According to the Guinness Book of Records, the first unsolicited email was sent in May 1978 to 397 recipients advertising an upcoming a product demonstration of computers. That’s right—spam is almost as old as email itself! In 1991, the first email was sent from space by astronauts on the NASA shuttle Atlantis. That message began with “Hello Earth!” and was delivered to Mission Control at the Johnson Space Center in Houston, Texas.

Over the past 50 years, there’s been a lot of firsts in email. For us at Amazon Simple Email Service (Amazon SES), our email first was when we launched our service back in January 2011. We initially started as a service that delivered email for Amazon.com, and grew over time into launching as a public service in Amazon Web Services (AWS).

Customers told us that building large-scale email solutions to send marketing and transactional messages was often a complex and costly challenge for businesses. Amazon SES eliminates these challenges and enables businesses to benefit from the years of experience and sophisticated email infrastructure Amazon.com has built to serve its own large-scale customer base. With Amazon.com being our first customer, from day one – scalability, reliability, and deliverability have been our highest priorities. This same service has also powered the email sending capabilities of Amazon Pinpoint since 2017, as well as email-related features in several other AWS services.

Today, Amazon SES is a cost-effective, flexible, and scalable email service that enables developers to send mail from within any application – supporting multiple email use cases, including transactional, marketing, or mass email communications, as well as inbound email.

We encourage our readers to share their own stories of their email firsts, or any other interesting email anecdotes. #QWERTYUIOP #50yrsofemail

Easily creating and routing email addresses with Cloudflare Email Routing

Post Syndicated from Joao Sousa Botto original https://blog.cloudflare.com/introducing-email-routing/

Easily creating and routing email addresses with Cloudflare Email Routing

Easily creating and routing email addresses with Cloudflare Email Routing

Over four billion people — or half of the world’s population — have at least one email address, many of whom use it as an essential tool to stay on top of their personal and professional matters. More than 300 billion emails are sent and received every day, but seeing email as just a communications tool wouldn’t do it justice. Its impact in our lives goes far beyond being a vessel for messages — its use cases also cover being a common way of validating one’s identity online, and serving as the gateway for other communication platforms.

Today, most people use their email for sensitive purposes, such as logging in to their bank account, or communicating with governmental entities. At the same time, they will use that email to sign up for a 10% off coupon they found online, which will surely spam them for months to come. Despite these two use cases being polar opposites in relation to importance and security, people take the risk, usually for the sake of conveniently managing one account.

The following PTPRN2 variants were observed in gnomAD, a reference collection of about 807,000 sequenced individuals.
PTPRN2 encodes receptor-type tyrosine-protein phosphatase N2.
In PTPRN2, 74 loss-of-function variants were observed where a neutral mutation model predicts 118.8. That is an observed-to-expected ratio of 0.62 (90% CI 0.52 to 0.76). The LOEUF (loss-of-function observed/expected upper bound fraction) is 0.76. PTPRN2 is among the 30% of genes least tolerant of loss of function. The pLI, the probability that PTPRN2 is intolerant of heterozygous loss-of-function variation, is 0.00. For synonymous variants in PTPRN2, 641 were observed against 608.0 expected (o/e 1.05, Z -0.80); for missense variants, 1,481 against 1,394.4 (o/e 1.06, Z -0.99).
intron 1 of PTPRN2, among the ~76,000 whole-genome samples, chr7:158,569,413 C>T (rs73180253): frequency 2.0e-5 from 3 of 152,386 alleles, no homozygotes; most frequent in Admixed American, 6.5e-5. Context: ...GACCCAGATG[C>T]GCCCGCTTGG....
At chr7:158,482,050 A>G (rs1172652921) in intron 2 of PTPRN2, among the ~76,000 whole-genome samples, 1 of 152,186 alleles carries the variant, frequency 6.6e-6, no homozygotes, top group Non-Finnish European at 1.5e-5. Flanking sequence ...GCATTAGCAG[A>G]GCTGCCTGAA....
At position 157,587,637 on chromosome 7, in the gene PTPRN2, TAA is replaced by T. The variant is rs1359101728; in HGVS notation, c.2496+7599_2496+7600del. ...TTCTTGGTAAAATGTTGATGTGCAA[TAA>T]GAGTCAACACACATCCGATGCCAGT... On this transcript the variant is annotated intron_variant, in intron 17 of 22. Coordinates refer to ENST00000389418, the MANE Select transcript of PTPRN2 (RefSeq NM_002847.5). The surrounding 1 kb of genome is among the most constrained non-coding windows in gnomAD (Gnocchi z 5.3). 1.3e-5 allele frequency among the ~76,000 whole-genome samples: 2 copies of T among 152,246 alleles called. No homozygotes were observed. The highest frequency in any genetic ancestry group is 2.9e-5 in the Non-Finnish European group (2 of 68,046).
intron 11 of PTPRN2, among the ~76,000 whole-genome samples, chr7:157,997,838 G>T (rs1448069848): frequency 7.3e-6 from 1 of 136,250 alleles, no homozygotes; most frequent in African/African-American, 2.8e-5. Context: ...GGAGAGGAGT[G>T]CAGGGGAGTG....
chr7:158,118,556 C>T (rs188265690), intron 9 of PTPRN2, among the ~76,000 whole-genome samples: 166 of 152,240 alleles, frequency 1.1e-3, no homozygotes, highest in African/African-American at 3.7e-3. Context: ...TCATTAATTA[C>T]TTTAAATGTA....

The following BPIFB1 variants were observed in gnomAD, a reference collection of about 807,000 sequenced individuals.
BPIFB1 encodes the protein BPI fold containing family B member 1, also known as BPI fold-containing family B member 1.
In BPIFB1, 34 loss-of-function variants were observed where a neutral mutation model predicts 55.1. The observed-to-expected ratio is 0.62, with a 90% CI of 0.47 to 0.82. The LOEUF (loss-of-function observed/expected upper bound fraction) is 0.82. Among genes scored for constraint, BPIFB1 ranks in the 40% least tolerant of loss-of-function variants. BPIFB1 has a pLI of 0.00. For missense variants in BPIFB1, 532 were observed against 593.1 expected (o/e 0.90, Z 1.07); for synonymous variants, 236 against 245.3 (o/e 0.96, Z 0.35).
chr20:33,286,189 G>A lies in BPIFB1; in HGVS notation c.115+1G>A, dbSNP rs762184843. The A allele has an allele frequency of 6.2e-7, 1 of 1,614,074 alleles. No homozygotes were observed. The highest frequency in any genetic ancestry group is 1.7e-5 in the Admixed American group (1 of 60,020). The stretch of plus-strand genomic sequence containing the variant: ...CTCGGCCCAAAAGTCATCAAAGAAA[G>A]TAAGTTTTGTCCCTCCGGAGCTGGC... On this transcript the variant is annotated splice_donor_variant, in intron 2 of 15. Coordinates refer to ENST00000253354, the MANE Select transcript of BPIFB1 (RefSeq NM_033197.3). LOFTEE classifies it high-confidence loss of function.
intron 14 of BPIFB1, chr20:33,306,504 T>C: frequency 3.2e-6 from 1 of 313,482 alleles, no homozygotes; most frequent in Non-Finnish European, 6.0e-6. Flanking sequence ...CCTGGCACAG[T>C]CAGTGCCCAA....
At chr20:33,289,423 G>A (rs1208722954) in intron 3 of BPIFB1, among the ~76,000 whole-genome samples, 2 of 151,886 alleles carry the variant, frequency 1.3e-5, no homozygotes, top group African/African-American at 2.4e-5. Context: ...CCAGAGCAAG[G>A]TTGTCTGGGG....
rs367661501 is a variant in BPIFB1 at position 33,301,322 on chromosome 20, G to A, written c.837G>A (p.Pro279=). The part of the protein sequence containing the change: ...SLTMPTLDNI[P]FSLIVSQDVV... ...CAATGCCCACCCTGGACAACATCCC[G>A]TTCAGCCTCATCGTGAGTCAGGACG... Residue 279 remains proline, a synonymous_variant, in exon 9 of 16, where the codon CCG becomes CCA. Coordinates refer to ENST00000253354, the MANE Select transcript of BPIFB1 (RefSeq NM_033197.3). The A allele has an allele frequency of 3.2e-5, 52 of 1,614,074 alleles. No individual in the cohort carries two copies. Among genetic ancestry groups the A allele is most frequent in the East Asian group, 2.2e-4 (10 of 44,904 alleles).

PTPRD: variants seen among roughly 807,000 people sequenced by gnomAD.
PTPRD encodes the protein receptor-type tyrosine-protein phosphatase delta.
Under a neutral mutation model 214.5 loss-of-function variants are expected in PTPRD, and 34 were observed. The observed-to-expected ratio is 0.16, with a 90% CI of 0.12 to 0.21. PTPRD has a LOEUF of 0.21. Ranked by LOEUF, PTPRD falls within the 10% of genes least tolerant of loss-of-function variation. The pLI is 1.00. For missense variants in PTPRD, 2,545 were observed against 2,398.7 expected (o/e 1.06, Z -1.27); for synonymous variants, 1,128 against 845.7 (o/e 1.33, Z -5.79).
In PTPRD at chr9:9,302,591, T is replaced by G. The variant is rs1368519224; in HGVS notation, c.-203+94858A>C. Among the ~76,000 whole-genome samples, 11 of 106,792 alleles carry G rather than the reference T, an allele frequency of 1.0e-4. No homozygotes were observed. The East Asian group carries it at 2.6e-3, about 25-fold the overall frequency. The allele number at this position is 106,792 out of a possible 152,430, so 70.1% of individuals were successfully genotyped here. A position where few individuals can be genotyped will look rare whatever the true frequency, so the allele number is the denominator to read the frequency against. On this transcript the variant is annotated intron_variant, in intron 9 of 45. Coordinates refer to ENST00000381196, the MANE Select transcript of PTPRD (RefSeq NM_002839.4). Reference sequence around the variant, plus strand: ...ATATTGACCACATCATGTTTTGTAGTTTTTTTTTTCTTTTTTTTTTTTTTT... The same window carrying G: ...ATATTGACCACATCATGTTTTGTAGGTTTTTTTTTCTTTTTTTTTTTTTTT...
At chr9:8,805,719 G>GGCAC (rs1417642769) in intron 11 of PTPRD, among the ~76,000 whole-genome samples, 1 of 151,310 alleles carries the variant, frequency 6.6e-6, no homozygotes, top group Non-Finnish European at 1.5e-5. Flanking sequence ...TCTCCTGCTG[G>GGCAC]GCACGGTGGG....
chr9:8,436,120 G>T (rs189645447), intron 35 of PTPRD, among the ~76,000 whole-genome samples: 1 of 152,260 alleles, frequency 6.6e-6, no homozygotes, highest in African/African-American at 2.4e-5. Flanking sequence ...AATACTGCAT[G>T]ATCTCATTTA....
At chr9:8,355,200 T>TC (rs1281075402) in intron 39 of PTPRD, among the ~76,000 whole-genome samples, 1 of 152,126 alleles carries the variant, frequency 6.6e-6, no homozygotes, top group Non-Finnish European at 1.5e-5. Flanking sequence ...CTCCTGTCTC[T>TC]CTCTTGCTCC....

Much in the same way, businesses want to have different email addresses for different types of inquiries, such as sales and support, but often find it cumbersome to control who receives these emails. And as the business evolves, matters that were handled by the owner often need to be handed off to other people. But for small businesses it’s not usually straightforward to configure mailboxes and aliases.

And then there are countless individuals and families that juggle multiple mailboxes to handle the Internet identities that they use, to represent their various online presences.

We understand these challenges, and that’s why we’re launching Cloudflare Email Routing, the most straightforward way to create any number of email addresses that are redirected to the mailbox you, your family or your team are already using.

Cloudflare Email Routing

Cloudflare Email Routing is designed to simplify the way you create and manage email addresses, without needing to keep an eye on additional mailboxes.

The process is simple:

  1. You enter the email address you want to create on your domain
  2. You enter the email address you want it forwarded to
Easily creating and routing email addresses with Cloudflare Email Routing

As some of you already know, email consists of the envelope, the header, and its body.

The envelope is part of the SMTP transport protocol and tells the servers where the email is coming from and where it’s supposed to be delivered.

The headers contain structured information like the message traveled path, date, the sender and recipients’ addresses, subject, and other technical metadata like SPF pass results, DKIM signatures, and anti-spam scores. Every time the message goes through a server, it can add new headers or modify the existing ones until it reaches the final inbox.

And finally, there’s the body of the message, where the actual content resides. The body can be plain text, rich HTML, it can contain file attachments, and in some cases, it can be signed or even encrypted.

Here’s a simplified diagram of how the SMTP protocol works and how the three steps of an Email message fit together:

Easily creating and routing email addresses with Cloudflare Email Routing